To me, writing tight means writing with clarity.
- Sometimes you need to simplify your sentences. Instead of writing: Jane hopped in her little yellow car, revved the engine and made the wheels sputter in the gravel before she took off toward the big city, toward the unknown. Write: Jane hopped in her car and headed for a new life in San Francisco.
- Get rid of clutter. See Kim Blank’s article on Wordiness.
- If a word is unnecessary to the meaning of a sentence, toss it.
- Use the active voice. The dog bit the boy. Not: The boy was bit by the dog.
- Adjectives and Adverbs. Don’t say “Jane mumbled unclearly” when “Jane mumbled” does the job.
- Read your story aloud or have someone else read it to you.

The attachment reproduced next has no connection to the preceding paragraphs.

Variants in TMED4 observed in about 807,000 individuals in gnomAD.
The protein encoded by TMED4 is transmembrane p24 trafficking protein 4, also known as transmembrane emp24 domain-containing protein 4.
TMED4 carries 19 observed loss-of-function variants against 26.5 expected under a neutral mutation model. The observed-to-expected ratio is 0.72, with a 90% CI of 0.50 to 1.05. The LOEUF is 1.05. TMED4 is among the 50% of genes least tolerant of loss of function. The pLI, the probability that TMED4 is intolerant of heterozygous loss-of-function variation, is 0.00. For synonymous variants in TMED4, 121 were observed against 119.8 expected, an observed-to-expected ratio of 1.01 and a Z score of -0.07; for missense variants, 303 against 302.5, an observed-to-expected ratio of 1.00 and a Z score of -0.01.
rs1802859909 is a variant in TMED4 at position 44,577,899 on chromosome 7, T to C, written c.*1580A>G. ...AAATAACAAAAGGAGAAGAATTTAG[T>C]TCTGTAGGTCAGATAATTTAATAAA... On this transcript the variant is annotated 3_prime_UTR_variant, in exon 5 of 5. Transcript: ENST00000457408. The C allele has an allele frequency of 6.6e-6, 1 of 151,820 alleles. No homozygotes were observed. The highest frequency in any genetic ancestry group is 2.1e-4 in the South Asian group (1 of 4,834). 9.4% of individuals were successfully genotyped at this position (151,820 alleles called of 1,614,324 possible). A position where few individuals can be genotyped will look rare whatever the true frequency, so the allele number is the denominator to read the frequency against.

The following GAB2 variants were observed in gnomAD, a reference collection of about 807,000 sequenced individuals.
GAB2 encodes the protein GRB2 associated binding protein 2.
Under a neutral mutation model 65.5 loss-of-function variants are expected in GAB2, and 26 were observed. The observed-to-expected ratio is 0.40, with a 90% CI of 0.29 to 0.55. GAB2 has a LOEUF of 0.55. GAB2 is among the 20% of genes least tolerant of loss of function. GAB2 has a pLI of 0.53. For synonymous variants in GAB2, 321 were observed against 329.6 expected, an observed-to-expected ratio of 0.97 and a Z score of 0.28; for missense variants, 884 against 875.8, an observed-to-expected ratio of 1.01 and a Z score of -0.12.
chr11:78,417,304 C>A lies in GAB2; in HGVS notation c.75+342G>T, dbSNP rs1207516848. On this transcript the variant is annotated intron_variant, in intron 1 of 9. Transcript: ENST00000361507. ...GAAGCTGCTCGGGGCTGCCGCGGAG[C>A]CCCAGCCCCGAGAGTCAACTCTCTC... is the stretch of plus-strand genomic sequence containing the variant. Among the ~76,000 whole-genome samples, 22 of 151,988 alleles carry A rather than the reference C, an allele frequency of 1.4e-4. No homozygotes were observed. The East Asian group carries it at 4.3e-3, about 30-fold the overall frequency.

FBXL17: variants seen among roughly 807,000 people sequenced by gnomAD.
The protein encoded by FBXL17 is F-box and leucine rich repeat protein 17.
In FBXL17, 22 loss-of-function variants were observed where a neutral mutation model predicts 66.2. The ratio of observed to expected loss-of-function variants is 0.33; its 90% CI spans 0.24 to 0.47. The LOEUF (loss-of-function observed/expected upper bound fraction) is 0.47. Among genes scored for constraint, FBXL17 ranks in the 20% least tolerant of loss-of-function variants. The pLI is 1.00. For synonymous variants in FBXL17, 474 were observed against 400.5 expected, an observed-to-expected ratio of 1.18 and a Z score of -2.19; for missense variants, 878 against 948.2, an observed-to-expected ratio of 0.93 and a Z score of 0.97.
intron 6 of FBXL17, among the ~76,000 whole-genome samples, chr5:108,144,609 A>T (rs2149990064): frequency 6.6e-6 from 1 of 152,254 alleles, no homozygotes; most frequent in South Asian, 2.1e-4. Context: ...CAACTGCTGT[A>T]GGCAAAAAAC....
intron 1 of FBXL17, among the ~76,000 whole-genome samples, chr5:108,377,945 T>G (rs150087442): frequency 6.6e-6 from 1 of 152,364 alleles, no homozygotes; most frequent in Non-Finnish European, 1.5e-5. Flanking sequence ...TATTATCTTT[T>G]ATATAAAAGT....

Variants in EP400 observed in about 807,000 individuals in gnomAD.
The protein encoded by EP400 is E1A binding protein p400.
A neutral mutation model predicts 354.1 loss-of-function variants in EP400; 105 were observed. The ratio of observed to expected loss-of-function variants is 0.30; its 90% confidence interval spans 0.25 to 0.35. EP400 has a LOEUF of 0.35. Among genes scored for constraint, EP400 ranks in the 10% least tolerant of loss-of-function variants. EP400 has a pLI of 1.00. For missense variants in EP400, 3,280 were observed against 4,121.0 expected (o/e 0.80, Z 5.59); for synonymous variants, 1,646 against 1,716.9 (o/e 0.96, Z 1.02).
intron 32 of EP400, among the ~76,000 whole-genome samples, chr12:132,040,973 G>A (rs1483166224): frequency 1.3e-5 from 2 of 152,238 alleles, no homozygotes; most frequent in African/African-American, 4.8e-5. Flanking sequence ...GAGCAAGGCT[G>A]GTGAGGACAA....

- Be specific. Don’t make readers work too hard to understand your character’s actions and motives. Don’t write: Jane’s childhood was horrible and involved many physical altercations. Write: As a child, Jane was beaten, raped, and locked in the closet every night.
- Show readers what happened instead of what didn’t happen. Strunk and White recommend, “He ignored her.” instead of “He was not paying attention to her.”
- Don’t worry about writing tight during the first draft. Writing tight takes practice and should be done in the revision process. Writing tight doesn’t mean always writing shorter sentences. Clarity always comes first.
If you’re afraid writing tight will change your voice, try it and see. Take one page of your manuscript and follow these tips. You might not like cutting your beloved words at first, but when you’re done you’ll see that you’re writing is cleaner, tighter, better.
To add clarity to your writing you also need to watch for grammatical errors.
Copyright © 2013 Theresa Ragan. All rights reserved.